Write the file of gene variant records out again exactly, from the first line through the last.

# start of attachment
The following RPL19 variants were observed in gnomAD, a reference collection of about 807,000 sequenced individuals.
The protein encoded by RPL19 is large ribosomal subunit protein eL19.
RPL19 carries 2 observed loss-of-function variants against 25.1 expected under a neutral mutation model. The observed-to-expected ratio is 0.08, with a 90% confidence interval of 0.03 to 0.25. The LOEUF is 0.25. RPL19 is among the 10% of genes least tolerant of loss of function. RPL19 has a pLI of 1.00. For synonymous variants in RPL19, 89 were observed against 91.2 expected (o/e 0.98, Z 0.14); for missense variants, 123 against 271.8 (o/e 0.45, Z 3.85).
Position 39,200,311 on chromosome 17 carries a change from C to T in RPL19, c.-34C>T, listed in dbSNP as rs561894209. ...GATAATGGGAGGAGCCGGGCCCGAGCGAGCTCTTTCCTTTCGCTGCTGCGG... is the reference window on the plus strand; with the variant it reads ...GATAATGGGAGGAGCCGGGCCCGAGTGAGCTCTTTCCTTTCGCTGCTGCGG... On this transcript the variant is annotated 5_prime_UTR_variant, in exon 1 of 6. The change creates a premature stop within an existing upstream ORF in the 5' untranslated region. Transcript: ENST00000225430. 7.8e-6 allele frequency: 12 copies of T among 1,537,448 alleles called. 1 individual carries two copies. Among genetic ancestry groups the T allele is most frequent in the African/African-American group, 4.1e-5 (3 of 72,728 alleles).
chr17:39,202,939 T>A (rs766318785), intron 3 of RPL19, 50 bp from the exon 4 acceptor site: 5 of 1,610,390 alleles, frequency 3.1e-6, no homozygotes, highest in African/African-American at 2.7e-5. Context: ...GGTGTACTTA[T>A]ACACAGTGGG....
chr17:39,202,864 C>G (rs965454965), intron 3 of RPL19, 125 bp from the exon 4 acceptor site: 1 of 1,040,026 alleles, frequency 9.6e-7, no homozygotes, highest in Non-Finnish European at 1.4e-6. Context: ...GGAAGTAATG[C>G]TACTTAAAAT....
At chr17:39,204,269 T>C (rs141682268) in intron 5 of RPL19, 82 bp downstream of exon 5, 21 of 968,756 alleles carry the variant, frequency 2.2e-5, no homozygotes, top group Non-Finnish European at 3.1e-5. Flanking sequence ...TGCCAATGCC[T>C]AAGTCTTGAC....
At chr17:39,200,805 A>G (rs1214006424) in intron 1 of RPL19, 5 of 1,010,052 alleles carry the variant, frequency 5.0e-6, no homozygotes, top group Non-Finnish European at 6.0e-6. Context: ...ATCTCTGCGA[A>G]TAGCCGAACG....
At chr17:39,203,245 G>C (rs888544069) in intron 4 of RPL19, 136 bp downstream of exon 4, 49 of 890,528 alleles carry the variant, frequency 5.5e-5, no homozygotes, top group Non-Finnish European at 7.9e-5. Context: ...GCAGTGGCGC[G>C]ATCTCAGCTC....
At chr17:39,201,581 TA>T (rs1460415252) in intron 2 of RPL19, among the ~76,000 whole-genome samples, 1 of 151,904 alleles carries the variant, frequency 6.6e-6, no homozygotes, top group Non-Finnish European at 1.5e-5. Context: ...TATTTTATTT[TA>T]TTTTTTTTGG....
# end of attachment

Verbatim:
The following RPL19 variants were observed in gnomAD, a reference collection of about 807,000 sequenced individuals.
The protein encoded by RPL19 is large ribosomal subunit protein eL19.
RPL19 carries 2 observed loss-of-function variants against 25.1 expected under a neutral mutation model. The observed-to-expected ratio is 0.08, with a 90% confidence interval of 0.03 to 0.25. The LOEUF is 0.25. RPL19 is among the 10% of genes least tolerant of loss of function. RPL19 has a pLI of 1.00. For synonymous variants in RPL19, 89 were observed against 91.2 expected (o/e 0.98, Z 0.14); for missense variants, 123 against 271.8 (o/e 0.45, Z 3.85).
Position 39,200,311 on chromosome 17 carries a change from C to T in RPL19, c.-34C>T, listed in dbSNP as rs561894209. ...GATAATGGGAGGAGCCGGGCCCGAGCGAGCTCTTTCCTTTCGCTGCTGCGG... is the reference window on the plus strand; with the variant it reads ...GATAATGGGAGGAGCCGGGCCCGAGTGAGCTCTTTCCTTTCGCTGCTGCGG... On this transcript the variant is annotated 5_prime_UTR_variant, in exon 1 of 6. The change creates a premature stop within an existing upstream ORF in the 5' untranslated region. Transcript: ENST00000225430. 7.8e-6 allele frequency: 12 copies of T among 1,537,448 alleles called. 1 individual carries two copies. Among genetic ancestry groups the T allele is most frequent in the African/African-American group, 4.1e-5 (3 of 72,728 alleles).
chr17:39,202,939 T>A (rs766318785), intron 3 of RPL19, 50 bp from the exon 4 acceptor site: 5 of 1,610,390 alleles, frequency 3.1e-6, no homozygotes, highest in African/African-American at 2.7e-5. Context: ...GGTGTACTTA[T>A]ACACAGTGGG....
chr17:39,202,864 C>G (rs965454965), intron 3 of RPL19, 125 bp from the exon 4 acceptor site: 1 of 1,040,026 alleles, frequency 9.6e-7, no homozygotes, highest in Non-Finnish European at 1.4e-6. Context: ...GGAAGTAATG[C>G]TACTTAAAAT....
At chr17:39,204,269 T>C (rs141682268) in intron 5 of RPL19, 82 bp downstream of exon 5, 21 of 968,756 alleles carry the variant, frequency 2.2e-5, no homozygotes, top group Non-Finnish European at 3.1e-5. Flanking sequence ...TGCCAATGCC[T>C]AAGTCTTGAC....
At chr17:39,200,805 A>G (rs1214006424) in intron 1 of RPL19, 5 of 1,010,052 alleles carry the variant, frequency 5.0e-6, no homozygotes, top group Non-Finnish European at 6.0e-6. Context: ...ATCTCTGCGA[A>G]TAGCCGAACG....
At chr17:39,203,245 G>C (rs888544069) in intron 4 of RPL19, 136 bp downstream of exon 4, 49 of 890,528 alleles carry the variant, frequency 5.5e-5, no homozygotes, top group Non-Finnish European at 7.9e-5. Context: ...GCAGTGGCGC[G>C]ATCTCAGCTC....
At chr17:39,201,581 TA>T (rs1460415252) in intron 2 of RPL19, among the ~76,000 whole-genome samples, 1 of 151,904 alleles carries the variant, frequency 6.6e-6, no homozygotes, top group Non-Finnish European at 1.5e-5. Context: ...TATTTTATTT[TA>T]TTTTTTTTGG....